Monday, September 27, 2010

Muscular christianity

There is nothing new with interpreting the Bible in such a way as to support your world view.

In 1987, when he took over New Birth Missionary Baptist Church, it had only 300 members and a small building. He adopted a modern image, using slang and dressing like a hip-hop mogul. He borrowed ideas from evangelical and charismatic churches and expanded his reach through cable TV.

He also adopted what has become known as “muscular Christianity,” a male-dominated view that emphasizes a warriorlike man who serves as the spiritual authority and protector in a family. His books on relationships suggest that men get in touch with their inner “wild man” and channel their fighting instincts into taking responsibility for their lives. Women are to submit to their husbands, he says.

Bishop Long has been married twice and has four children.

B. J. Bernstein, a lawyer for the four young men who claim to have been coerced into sexual affairs with Bishop Long, said the pastor exerted a paternalistic and, at times, autocratic influence over young men.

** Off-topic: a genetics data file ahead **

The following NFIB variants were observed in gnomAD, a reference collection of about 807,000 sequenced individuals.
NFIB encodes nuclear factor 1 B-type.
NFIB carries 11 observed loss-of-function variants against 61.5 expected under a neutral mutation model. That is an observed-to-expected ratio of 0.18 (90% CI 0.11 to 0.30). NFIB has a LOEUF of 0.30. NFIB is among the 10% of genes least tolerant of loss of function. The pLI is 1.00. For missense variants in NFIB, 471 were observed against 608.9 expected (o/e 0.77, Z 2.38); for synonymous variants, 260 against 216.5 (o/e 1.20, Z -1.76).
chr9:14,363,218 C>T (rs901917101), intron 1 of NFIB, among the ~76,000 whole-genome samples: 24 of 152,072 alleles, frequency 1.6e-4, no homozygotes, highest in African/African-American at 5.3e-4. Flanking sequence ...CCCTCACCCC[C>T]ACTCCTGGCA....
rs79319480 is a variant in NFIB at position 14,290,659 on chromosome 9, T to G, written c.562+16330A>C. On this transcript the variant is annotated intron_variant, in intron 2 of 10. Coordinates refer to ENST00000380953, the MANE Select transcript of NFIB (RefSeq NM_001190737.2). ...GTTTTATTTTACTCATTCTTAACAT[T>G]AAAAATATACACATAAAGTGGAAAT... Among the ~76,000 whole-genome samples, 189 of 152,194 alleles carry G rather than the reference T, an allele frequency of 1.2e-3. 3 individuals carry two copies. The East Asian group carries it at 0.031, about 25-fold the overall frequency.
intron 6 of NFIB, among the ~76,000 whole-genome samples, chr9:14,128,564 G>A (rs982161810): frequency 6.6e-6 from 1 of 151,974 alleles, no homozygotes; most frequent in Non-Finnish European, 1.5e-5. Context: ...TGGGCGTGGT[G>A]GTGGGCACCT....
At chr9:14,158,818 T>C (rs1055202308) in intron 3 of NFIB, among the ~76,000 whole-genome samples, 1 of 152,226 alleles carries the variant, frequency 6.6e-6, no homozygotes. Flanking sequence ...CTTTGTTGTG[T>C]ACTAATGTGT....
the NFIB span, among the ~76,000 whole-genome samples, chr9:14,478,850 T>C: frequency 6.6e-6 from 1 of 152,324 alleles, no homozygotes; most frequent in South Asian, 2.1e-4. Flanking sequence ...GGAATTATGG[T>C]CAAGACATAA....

The irony is that this black minister from Georgia is using arguments similar to ones used by southern clergy during the Civil War. From Harry S. Stout's book, Upon the Altar of the Nation (chapter eight):

On behalf of a chosen people, Confederate theologians and moralists had no need to justify the war -- or its conduct -- according to the secular "law of nations." Ancient Israel provided a better model for righteous war. Nor were Confederate moralists willing to invoke Jefferson's "spurious" claim that "all men were created equal.' They were Bushnellians all, grounding their identity and war around sacred texts and transcendent commissions.



Anonymous Ahab said...

A homophobic, chauvinist man who turns out to be a closet-case. Somehow, I'm not surprised.

May the full truth come out about Long's predatory behavior, and may his victims find justice.

11:14 PM  

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